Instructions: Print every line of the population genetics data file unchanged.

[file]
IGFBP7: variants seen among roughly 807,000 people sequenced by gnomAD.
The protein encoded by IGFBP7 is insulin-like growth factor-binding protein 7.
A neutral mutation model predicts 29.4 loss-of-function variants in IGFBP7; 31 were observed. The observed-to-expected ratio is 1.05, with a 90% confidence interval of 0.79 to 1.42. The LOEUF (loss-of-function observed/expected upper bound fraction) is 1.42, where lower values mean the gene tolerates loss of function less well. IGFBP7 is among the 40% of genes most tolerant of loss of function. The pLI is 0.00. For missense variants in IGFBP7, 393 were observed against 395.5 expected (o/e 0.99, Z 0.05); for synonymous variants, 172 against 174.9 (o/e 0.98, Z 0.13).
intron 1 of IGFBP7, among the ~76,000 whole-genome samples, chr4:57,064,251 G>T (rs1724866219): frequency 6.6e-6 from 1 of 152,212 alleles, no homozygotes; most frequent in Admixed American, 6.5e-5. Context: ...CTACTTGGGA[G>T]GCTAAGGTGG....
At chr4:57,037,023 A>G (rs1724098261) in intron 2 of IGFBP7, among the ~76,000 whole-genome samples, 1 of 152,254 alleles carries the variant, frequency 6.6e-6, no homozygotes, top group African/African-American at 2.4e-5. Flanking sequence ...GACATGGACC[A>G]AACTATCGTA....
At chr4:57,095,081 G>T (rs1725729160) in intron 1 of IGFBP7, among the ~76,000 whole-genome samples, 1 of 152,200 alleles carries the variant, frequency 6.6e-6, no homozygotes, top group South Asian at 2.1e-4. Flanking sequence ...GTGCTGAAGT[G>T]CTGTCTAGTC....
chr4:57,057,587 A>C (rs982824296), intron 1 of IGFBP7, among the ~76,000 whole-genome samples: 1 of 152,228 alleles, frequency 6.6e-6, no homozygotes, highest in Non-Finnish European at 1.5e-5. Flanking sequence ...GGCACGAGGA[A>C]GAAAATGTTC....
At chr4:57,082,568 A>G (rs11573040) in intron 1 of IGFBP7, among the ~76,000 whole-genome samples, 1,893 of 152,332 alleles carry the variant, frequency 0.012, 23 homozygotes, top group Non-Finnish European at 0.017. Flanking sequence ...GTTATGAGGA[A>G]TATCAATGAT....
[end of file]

IGFBP7: variants seen among roughly 807,000 people sequenced by gnomAD.
The protein encoded by IGFBP7 is insulin-like growth factor-binding protein 7.
A neutral mutation model predicts 29.4 loss-of-function variants in IGFBP7; 31 were observed. The observed-to-expected ratio is 1.05, with a 90% confidence interval of 0.79 to 1.42. The LOEUF (loss-of-function observed/expected upper bound fraction) is 1.42, where lower values mean the gene tolerates loss of function less well. IGFBP7 is among the 40% of genes most tolerant of loss of function. The pLI is 0.00. For missense variants in IGFBP7, 393 were observed against 395.5 expected (o/e 0.99, Z 0.05); for synonymous variants, 172 against 174.9 (o/e 0.98, Z 0.13).
intron 1 of IGFBP7, among the ~76,000 whole-genome samples, chr4:57,064,251 G>T (rs1724866219): frequency 6.6e-6 from 1 of 152,212 alleles, no homozygotes; most frequent in Admixed American, 6.5e-5. Context: ...CTACTTGGGA[G>T]GCTAAGGTGG....
At chr4:57,037,023 A>G (rs1724098261) in intron 2 of IGFBP7, among the ~76,000 whole-genome samples, 1 of 152,254 alleles carries the variant, frequency 6.6e-6, no homozygotes, top group African/African-American at 2.4e-5. Flanking sequence ...GACATGGACC[A>G]AACTATCGTA....
At chr4:57,095,081 G>T (rs1725729160) in intron 1 of IGFBP7, among the ~76,000 whole-genome samples, 1 of 152,200 alleles carries the variant, frequency 6.6e-6, no homozygotes, top group South Asian at 2.1e-4. Flanking sequence ...GTGCTGAAGT[G>T]CTGTCTAGTC....
chr4:57,057,587 A>C (rs982824296), intron 1 of IGFBP7, among the ~76,000 whole-genome samples: 1 of 152,228 alleles, frequency 6.6e-6, no homozygotes, highest in Non-Finnish European at 1.5e-5. Flanking sequence ...GGCACGAGGA[A>C]GAAAATGTTC....
At chr4:57,082,568 A>G (rs11573040) in intron 1 of IGFBP7, among the ~76,000 whole-genome samples, 1,893 of 152,332 alleles carry the variant, frequency 0.012, 23 homozygotes, top group Non-Finnish European at 0.017. Flanking sequence ...GTTATGAGGA[A>G]TATCAATGAT....